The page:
Emotional Maturity, anyone?

I don’t know how the artificial intelligence of YouTube algorithms determined to send me this particular video, (and I shudder to think about the sophistication of the surveillance we are all under using our smart devices) but as I watched it I said “damn!A pretty smart little film clip with a short, powerful comparison of emotional immaturity and emotional maturity.

The narrator asks what our characteristic reaction is when someone we love hurts us. We can sulk, hoping for a magical solution. We can rage, like the cartoon of a powerful autocrat. We can grow cold and withdraw. Babies and children act this way, why shouldn’t adults?

For one thing, the world would know nothing but war and no interpersonal conflict could ever be solved.

Three characteristics of emotional maturity needed to actually solve musunderstandings and mistakes: The capacity to explain why we are hurt. The capacity to stay calm and extend the benefit of the doubt when hurt. The capacity to be vulnerable.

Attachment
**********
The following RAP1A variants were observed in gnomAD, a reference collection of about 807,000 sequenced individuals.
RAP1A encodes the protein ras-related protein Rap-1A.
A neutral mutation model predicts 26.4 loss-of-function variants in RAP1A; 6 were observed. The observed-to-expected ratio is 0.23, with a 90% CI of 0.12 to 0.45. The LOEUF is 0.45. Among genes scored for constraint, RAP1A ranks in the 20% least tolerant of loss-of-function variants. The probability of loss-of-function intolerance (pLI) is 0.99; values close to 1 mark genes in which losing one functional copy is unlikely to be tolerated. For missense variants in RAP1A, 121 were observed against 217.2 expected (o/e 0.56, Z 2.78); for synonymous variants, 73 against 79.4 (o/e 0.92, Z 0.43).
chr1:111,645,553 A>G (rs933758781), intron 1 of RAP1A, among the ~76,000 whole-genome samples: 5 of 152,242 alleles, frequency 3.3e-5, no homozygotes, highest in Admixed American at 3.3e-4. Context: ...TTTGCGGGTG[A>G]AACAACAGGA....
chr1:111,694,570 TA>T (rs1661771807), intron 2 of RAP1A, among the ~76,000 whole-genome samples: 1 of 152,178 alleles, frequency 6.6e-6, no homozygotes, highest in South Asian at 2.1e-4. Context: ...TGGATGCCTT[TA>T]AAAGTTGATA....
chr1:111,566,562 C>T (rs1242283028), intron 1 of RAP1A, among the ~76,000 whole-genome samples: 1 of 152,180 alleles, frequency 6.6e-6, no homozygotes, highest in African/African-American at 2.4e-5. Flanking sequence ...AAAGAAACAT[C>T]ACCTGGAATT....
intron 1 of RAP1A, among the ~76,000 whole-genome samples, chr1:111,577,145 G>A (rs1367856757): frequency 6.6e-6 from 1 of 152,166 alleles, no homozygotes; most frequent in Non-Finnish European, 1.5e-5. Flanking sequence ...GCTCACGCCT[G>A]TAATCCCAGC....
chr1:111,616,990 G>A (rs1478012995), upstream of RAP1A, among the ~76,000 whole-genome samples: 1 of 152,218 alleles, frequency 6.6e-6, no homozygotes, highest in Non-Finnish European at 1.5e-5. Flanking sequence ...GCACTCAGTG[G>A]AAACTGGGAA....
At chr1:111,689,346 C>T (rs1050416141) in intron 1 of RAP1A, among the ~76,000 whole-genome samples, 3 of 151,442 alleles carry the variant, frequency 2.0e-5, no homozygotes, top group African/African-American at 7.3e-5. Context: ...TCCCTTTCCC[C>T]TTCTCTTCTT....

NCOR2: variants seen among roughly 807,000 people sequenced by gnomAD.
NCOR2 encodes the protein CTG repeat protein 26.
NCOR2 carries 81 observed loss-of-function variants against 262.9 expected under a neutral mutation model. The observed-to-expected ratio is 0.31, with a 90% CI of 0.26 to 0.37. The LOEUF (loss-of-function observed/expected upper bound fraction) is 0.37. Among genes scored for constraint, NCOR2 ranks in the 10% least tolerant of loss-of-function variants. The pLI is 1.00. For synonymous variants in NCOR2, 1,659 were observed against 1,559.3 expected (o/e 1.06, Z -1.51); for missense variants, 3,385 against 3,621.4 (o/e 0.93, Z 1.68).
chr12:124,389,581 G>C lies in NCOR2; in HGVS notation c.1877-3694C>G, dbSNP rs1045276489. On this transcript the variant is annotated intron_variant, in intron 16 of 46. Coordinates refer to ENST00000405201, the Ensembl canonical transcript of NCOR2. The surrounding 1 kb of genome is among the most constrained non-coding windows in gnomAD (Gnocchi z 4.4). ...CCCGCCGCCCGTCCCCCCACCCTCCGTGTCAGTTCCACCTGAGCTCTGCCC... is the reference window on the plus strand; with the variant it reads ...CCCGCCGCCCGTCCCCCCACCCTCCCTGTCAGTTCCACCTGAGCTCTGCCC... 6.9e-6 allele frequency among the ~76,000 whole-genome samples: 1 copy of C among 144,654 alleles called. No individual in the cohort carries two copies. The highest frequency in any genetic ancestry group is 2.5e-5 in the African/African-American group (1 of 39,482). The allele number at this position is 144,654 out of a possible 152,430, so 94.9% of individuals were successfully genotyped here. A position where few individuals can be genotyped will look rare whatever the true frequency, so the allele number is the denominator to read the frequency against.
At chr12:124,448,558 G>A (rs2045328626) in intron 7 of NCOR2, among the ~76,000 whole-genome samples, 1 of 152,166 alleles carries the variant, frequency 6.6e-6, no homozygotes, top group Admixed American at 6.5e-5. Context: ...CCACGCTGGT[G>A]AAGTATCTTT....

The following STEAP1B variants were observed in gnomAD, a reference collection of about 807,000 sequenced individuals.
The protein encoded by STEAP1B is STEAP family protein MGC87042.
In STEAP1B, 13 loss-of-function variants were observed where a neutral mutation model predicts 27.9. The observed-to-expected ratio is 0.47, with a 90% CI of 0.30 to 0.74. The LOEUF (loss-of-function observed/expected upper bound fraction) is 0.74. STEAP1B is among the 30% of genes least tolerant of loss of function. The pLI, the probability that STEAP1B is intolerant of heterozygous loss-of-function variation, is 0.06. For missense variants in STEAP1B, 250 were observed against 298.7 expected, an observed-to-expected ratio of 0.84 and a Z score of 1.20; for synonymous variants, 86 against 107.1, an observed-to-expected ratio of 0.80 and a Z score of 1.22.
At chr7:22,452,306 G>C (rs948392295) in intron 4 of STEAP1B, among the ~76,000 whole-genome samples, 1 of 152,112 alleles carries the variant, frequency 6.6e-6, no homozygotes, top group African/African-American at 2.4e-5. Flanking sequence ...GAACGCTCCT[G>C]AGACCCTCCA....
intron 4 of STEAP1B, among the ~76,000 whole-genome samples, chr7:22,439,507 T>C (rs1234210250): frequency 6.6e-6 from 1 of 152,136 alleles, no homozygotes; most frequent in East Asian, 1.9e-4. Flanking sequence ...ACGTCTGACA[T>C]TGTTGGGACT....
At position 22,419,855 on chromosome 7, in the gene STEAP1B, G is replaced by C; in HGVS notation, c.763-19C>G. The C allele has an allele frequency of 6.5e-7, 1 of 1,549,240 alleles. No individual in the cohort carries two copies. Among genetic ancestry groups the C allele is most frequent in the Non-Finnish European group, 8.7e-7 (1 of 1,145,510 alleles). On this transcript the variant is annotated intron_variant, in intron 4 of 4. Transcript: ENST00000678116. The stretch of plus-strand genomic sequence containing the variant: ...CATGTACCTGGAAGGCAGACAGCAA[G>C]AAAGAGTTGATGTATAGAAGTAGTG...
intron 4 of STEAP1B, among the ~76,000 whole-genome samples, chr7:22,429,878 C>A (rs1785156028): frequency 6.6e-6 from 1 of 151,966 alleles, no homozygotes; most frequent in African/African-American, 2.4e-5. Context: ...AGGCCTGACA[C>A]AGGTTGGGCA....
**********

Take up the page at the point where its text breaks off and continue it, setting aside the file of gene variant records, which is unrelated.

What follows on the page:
The narrator asks reasonably and humanely how we can expect to emerge from childhood with emotional maturity if we are raised by people lacking the emotional vocabulary, or emotional maturity, to show us how adults deal with pain? Lacking that, it’s just years of hard goddamn work not to act like a baby when we’re fucking hurt. Here’s a neat six minute primer:

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